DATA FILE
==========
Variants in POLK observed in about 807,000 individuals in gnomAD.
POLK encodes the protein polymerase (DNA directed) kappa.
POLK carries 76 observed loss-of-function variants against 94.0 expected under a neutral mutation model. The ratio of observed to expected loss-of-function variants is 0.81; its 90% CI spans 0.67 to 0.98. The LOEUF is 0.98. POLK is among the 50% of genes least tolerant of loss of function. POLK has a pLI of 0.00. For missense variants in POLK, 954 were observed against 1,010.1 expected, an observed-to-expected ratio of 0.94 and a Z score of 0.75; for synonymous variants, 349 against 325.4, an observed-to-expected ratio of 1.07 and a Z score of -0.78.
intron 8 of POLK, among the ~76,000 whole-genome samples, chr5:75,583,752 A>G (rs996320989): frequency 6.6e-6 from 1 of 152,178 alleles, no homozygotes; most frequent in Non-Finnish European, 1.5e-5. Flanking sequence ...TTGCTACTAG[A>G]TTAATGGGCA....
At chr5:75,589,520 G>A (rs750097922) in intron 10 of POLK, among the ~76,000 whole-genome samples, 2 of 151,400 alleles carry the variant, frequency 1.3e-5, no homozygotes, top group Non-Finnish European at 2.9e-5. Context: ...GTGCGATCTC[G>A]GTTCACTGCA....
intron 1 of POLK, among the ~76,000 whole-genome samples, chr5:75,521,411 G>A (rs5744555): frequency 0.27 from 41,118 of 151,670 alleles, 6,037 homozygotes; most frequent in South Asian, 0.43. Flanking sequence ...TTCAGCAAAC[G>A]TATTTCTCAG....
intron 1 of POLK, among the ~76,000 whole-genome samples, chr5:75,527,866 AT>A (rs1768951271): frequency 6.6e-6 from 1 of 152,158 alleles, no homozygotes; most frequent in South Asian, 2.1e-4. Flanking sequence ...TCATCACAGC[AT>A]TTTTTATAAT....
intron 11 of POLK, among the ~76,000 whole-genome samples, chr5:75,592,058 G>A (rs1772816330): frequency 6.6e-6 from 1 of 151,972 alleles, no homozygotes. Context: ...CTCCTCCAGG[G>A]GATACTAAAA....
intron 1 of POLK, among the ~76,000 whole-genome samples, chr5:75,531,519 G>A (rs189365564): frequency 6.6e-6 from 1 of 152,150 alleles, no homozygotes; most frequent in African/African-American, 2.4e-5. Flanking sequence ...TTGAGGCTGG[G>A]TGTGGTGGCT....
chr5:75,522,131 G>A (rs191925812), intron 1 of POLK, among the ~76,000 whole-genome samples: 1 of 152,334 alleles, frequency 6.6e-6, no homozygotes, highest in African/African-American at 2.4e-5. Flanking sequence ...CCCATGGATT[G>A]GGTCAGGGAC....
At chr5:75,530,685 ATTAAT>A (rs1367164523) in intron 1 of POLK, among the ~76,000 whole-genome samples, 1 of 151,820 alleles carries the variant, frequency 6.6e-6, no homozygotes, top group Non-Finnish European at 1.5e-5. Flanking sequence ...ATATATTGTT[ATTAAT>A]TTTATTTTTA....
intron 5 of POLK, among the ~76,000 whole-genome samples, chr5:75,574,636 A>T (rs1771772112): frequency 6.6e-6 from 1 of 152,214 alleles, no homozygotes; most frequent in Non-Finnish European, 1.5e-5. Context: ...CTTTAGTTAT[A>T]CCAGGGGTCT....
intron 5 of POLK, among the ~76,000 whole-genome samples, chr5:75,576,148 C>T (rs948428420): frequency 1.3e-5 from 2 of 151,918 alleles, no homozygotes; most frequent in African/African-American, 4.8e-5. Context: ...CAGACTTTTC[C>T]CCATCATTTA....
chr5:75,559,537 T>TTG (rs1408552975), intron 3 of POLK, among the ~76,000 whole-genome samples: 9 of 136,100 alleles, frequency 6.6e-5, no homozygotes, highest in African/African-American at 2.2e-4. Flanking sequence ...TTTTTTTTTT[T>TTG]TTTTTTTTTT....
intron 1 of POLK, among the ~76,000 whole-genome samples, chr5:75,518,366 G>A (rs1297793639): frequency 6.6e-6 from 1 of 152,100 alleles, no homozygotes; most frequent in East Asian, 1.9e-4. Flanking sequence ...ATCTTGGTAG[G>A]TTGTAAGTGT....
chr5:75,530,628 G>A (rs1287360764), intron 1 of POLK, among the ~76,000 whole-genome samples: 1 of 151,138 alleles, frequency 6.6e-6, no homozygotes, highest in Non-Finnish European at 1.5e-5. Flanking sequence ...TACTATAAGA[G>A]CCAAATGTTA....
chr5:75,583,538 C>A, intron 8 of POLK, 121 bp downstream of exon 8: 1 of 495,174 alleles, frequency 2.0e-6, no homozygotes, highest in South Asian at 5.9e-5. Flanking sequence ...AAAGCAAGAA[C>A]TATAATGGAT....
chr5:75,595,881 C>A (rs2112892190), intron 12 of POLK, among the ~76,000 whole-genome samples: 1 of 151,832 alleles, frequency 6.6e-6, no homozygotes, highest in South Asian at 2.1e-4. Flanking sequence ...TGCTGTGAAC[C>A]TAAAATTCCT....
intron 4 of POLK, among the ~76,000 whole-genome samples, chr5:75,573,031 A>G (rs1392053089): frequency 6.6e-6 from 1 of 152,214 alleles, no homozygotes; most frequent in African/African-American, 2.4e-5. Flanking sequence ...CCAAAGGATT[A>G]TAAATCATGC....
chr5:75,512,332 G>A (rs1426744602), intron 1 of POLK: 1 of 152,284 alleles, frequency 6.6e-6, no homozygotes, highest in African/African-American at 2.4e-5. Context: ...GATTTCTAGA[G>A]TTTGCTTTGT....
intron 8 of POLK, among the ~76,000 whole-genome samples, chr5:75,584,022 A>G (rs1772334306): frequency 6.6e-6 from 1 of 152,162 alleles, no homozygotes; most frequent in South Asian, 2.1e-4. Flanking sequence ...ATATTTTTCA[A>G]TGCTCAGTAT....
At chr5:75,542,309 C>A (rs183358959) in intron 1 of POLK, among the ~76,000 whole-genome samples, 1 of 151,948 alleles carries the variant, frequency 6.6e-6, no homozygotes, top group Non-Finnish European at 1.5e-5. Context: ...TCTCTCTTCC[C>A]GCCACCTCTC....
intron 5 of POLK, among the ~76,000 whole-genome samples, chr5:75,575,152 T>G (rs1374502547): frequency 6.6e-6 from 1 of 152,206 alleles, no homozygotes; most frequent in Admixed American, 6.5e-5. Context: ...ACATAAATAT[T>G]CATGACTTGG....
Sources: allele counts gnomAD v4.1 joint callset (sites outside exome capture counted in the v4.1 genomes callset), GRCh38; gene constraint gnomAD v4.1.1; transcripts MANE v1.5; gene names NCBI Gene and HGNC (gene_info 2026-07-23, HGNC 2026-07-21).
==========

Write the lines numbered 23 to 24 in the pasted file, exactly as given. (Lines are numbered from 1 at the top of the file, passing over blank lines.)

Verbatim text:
intron 5 of POLK, among the ~76,000 whole-genome samples, chr5:75,575,152 T>G (rs1374502547): frequency 6.6e-6 from 1 of 152,206 alleles, no homozygotes; most frequent in Admixed American, 6.5e-5. Context: ...ACATAAATAT[T>G]CATGACTTGG....
Sources: allele counts gnomAD v4.1 joint callset (sites outside exome capture counted in the v4.1 genomes callset), GRCh38; gene constraint gnomAD v4.1.1; transcripts MANE v1.5; gene names NCBI Gene and HGNC (gene_info 2026-07-23, HGNC 2026-07-21).